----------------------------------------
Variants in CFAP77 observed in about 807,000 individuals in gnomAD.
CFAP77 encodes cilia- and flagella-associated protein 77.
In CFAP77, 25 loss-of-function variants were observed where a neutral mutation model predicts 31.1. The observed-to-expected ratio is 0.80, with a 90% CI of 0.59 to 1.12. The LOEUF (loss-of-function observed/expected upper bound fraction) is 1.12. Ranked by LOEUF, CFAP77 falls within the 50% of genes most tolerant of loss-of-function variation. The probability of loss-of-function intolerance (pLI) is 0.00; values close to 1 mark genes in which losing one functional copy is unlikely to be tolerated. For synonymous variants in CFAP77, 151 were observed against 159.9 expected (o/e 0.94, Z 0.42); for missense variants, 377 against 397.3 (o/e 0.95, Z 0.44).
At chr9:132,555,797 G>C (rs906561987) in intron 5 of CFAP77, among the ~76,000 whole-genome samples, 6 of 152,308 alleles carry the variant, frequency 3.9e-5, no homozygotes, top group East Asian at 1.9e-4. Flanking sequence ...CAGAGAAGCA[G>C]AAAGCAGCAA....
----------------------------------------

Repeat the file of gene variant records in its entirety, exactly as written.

Variants in CFAP77 observed in about 807,000 individuals in gnomAD.
CFAP77 encodes cilia- and flagella-associated protein 77.
In CFAP77, 25 loss-of-function variants were observed where a neutral mutation model predicts 31.1. The observed-to-expected ratio is 0.80, with a 90% CI of 0.59 to 1.12. The LOEUF (loss-of-function observed/expected upper bound fraction) is 1.12. Ranked by LOEUF, CFAP77 falls within the 50% of genes most tolerant of loss-of-function variation. The probability of loss-of-function intolerance (pLI) is 0.00; values close to 1 mark genes in which losing one functional copy is unlikely to be tolerated. For synonymous variants in CFAP77, 151 were observed against 159.9 expected (o/e 0.94, Z 0.42); for missense variants, 377 against 397.3 (o/e 0.95, Z 0.44).
At chr9:132,555,797 G>C (rs906561987) in intron 5 of CFAP77, among the ~76,000 whole-genome samples, 6 of 152,308 alleles carry the variant, frequency 3.9e-5, no homozygotes, top group East Asian at 1.9e-4. Flanking sequence ...CAGAGAAGCA[G>C]AAAGCAGCAA....